The latter – more diverse solutions – means we get different types of ideas. It is the case because we avoid priming the participants with our own opinion. This is particularly true if the (senior) leader is the one that would normally dominate and speak first. This will (subconsciously) restrict the solution space, as it can be very hard for some to disagree with the leader’s line of thinking.
By enduring silence we thus allow for more input and more diverse points of view on the matter at hand. In the end, this will lead to more creative and better outcomes. As a side effect it also makes the team members feel more involved and creates a sense of ownership.
There’s more to listening than looking for an answer
We often forget that there is more to a conversation than to answer and give advice. In The 7 Habits of Highly Effective People, Stephen Covey stresses the importance of listening to truly understand without rushing to give advice. Unfortunately, many of us do exactly that, partly because we struggle enduring silence.
Enduring silence is part of empathic listening, a skill that we can and should learn. It is almost impossible to understand what the person is actually talking about or asking if you try to jump in right away with advice.
Sometimes, you can actually see and feel the person itching to answer. As soon as the opportunity arises, he or she shares the first thing that comes to mind, often simply to just kill the awkward silence. The silence could be used to collect thoughts, not just for the person answering but also for the person speaking. After a few seconds he or she often continues and shares deeper insights. This is particularly true in a one on one setting.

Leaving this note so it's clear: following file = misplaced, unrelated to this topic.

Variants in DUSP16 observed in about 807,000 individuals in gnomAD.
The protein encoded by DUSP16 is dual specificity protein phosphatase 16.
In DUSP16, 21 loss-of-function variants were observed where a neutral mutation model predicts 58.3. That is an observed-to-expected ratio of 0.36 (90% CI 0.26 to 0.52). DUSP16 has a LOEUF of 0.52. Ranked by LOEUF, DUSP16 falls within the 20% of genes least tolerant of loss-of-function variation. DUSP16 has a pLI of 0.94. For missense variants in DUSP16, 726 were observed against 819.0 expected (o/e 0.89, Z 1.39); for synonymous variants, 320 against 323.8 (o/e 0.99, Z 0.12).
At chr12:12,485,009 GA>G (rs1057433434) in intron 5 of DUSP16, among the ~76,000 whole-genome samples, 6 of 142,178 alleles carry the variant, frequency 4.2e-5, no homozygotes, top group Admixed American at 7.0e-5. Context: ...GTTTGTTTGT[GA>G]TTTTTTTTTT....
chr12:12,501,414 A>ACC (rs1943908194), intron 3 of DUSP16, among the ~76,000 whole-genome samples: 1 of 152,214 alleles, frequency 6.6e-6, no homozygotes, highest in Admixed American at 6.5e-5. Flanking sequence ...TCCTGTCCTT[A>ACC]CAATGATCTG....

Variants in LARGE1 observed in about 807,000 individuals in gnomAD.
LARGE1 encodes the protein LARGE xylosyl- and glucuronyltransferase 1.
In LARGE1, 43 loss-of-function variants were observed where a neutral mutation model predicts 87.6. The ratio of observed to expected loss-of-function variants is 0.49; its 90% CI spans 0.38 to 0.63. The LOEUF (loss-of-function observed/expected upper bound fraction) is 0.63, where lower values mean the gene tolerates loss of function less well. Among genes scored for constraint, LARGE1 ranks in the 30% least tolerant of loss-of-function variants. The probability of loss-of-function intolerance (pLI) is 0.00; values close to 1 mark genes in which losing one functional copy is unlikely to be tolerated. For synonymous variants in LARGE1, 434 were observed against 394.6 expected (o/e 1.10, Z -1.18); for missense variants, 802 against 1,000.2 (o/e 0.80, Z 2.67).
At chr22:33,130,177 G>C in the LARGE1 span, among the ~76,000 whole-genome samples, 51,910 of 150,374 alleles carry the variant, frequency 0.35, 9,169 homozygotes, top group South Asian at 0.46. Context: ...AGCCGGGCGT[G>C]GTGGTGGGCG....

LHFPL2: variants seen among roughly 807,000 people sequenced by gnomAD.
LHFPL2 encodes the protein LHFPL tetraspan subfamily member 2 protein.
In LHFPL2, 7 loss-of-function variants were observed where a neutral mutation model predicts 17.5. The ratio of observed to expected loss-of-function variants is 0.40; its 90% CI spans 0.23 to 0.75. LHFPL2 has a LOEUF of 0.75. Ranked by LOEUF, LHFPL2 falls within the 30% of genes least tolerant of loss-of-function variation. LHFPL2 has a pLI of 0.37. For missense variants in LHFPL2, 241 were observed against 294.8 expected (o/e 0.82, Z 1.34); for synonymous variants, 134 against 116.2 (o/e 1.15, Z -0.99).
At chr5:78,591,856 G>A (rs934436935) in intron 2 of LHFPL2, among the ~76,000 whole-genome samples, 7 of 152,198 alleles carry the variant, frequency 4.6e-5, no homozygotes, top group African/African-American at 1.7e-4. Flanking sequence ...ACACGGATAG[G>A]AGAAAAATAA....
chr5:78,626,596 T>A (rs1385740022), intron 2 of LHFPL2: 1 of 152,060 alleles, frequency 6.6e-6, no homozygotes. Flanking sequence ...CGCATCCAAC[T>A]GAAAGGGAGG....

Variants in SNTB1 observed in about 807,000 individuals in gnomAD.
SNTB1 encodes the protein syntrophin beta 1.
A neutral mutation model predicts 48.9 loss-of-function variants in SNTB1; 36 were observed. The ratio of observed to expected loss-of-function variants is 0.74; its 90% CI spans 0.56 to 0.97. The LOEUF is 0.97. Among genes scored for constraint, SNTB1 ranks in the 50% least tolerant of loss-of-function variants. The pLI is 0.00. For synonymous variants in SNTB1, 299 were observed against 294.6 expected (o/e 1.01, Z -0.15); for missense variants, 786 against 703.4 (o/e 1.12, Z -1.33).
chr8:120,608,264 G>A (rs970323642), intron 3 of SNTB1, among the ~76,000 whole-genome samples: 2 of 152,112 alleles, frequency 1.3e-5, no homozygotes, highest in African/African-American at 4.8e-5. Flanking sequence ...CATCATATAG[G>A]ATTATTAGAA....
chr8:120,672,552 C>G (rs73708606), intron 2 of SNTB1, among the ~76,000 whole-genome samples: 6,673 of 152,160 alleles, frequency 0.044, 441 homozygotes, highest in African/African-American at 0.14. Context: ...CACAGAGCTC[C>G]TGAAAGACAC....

We are often listening to answer instead of listening to understand. We don’t give ourselves the chance to think about the background, the reasons, and motivations. We don’t truly try to put ourselves in each other’s shoes.
Empathic listening is a skill that can be learned and it starts with being able to endure silence.
What to do?
So, how do we deal with the situation? The obvious things that come to mind all have to do with moderating, specifically the following three topics:
- Ask directly
- Breathe slowly
Instead of asking the question to the entire group we can address it directly to one of the participants. That way it doesn’t hang in the air until one person has mercy and answers. It’s clear whose turn it is. This is also a great way to involve people who haven’t taken part as much.
(If you watch panel discussions or listen to a podcast with multiple guests, this is exactly what good moderators or hosts will do.)
Taking one, big, slow breath before answering a question provides a short moment of silence. It gives our brain (and that of others) just enough time to collect our thoughts. This is a very straightforward but effective technique in enduring silence.
In the case of a meeting dominated by one or a few people, the moderator can and should intervene to pause them and let others speak. More often than not the dominant speakers actually appreciate the intervention. They often don’t want to dominate but can’t help themselves 😉
Make it a goal to always speak last
These are all techniques that are very effective. The most powerful thing we can do, though, is changing our own default behavior. It is also what we are in full control of. It doesn’t depend on others.
Set a good example and let the silence be. This will invite others to participate. Make it a general rule for yourself to always share your point of view last in any discussion. Nelson Mandela famously did exactly that and he is, after all, not the worst person to model our behavior after.
Coverphoto by Kristina Flour on Unsplash